Epithet = middle (marrow) - bread or loaf. Genus = perennial pored.
Annual to perennial. Widely effused, resupinate, tough-corky. Pore color variable, pale gray, cream color to yellow-buff or bright yellow. Pores very small, 5–7 per mm, with thick walls. Context cream color to yellow; showing layers, each layer up to 1 mm thick.
Microscopic examination is required to identify the species.
The spores are small, 5–6.5 × 3–4 µm, thick-walled, somewhat truncate (flattened on top at apical pore), and dextrinoid (orange in Melzer's reagent). The trama is dextrinoid with a trimitic hyphal system, the binding hyphae are narrow and much branched, contrasting with the thicker and unbranched skeletal hyphae.
The combination of very small pores and the small, thick-walled, dextrinoid spores, separate this species from the other resupinate Perenniporia, particularly those that may be found in the Upper Midwest.
P. ellipsospora has similar spores but the pores are 3–4 per mm, and the fruitbody is thin with angular and slightly dentate (toothy) pores.
Both P. subacida and P. tenuis have thin-walled, non-dextrinoid spores (negative in Melzer's reagent).
P. subacida has pores 5–6 per mm, and wider skeletal hyphae.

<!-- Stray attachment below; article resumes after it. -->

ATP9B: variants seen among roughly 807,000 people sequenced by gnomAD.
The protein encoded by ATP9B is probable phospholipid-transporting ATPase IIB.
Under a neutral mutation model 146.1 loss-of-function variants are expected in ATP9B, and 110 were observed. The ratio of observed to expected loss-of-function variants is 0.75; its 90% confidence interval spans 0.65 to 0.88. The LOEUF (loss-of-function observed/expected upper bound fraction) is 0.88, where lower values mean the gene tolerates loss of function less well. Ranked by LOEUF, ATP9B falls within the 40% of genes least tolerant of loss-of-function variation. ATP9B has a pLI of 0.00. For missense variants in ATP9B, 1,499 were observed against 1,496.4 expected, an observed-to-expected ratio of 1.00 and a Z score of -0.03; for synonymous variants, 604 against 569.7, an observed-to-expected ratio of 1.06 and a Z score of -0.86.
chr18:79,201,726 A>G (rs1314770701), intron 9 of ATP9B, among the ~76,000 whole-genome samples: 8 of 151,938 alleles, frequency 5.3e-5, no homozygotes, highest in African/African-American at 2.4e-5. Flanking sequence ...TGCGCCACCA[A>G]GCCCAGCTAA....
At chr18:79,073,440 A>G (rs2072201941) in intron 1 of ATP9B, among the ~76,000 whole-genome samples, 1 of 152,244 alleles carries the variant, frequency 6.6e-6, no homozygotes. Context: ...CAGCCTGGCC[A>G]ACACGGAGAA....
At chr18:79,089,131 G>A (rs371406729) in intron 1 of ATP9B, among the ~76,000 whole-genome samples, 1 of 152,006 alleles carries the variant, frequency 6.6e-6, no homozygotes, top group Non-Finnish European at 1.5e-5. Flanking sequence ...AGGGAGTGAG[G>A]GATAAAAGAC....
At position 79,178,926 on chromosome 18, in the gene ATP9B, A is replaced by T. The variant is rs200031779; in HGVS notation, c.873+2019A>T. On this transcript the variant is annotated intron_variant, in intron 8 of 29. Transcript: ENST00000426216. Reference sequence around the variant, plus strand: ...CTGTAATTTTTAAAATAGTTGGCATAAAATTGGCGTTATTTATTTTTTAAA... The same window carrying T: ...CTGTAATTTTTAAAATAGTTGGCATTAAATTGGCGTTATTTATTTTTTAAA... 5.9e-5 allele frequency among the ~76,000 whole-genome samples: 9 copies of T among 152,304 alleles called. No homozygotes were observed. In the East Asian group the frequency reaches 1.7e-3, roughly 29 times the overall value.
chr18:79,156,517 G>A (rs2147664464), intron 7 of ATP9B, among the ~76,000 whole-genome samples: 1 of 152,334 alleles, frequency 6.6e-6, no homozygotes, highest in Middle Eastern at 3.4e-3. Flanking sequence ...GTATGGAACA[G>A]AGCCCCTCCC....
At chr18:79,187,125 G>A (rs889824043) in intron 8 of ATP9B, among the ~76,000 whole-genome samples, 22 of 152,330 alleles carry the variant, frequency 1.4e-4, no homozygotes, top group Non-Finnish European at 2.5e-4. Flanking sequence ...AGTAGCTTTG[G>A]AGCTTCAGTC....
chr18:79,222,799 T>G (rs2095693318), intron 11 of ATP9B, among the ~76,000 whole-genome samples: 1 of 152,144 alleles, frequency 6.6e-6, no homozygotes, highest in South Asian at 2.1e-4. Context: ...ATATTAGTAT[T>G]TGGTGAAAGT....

P. tenuis has pores 2–3 per mm.
P. variegata has pores 2–3 per mm, with spores that are small, dextrinoid, slightly thick-walled.
White rot of dead hardwoods; rarely on conifers.
Perennial polypores can be found year-round.
Worldwide species complex. Widespread in North America.
Chicago Region status
Uncommon or easily overlooked.
The historic collections by Harper and Moffatt from 1903 to 1918 were split and spread among 7 herbaria (F, FH, MIN, NY, TENN, UC, USDA). There is also a collection by V. O. Graham (1940). These collections need to be examined and verified; they don't look identical, particularly having variation in pore size.
P. R. Leacock 12353 (31 May 2015) and 12422 (11 July 2015) from same location (same fruiting).
Epitype: Norway, Vestfold NL 77, Guldkronen ved Jarlsberg hovedgård, on wood of Quercus, 01 Aug. 1971, L. Ryvarden 7587 (O);
This species has also been placed in Physisporus (1826), Trametes (1900) and Fomitopsis (1941). Some previous and current mycologists suspect this species name represents a group of similar species. Slava Spirin (2015 personal communication) says: There are at least 3 'medulla-panis' in US, and none of them is identical with the real P. medulla-panis from Europe.
J.L. Lowe 1966: This species was selected as the type for the genus Poria by Persoon in 1794 and made the lectotype by Donk in 1949, as type for genus Perenniporia by Murrill , and type for the genus Poria as emended by M. C. Cooke. But the genus Poria Persoon 1794 was an illegitimate homonym of the earlier genus Poria P. Browne 1756, whose type species, Polyporus michelii Fr. 1821, is a synonym of Polyporus squamosus. That is a bit of tangled taxonomy and nomenclature that explains why we no longer use the name Poria.
There are illustrations and 5 description excerpts on MycoBank
Lowe, J.L. 1966. Polyporaceae of North America. The genus Poria.
Technical Publication of the State University College of Forestry at Syracuse University. 90: 1-183.
Description on Mycobank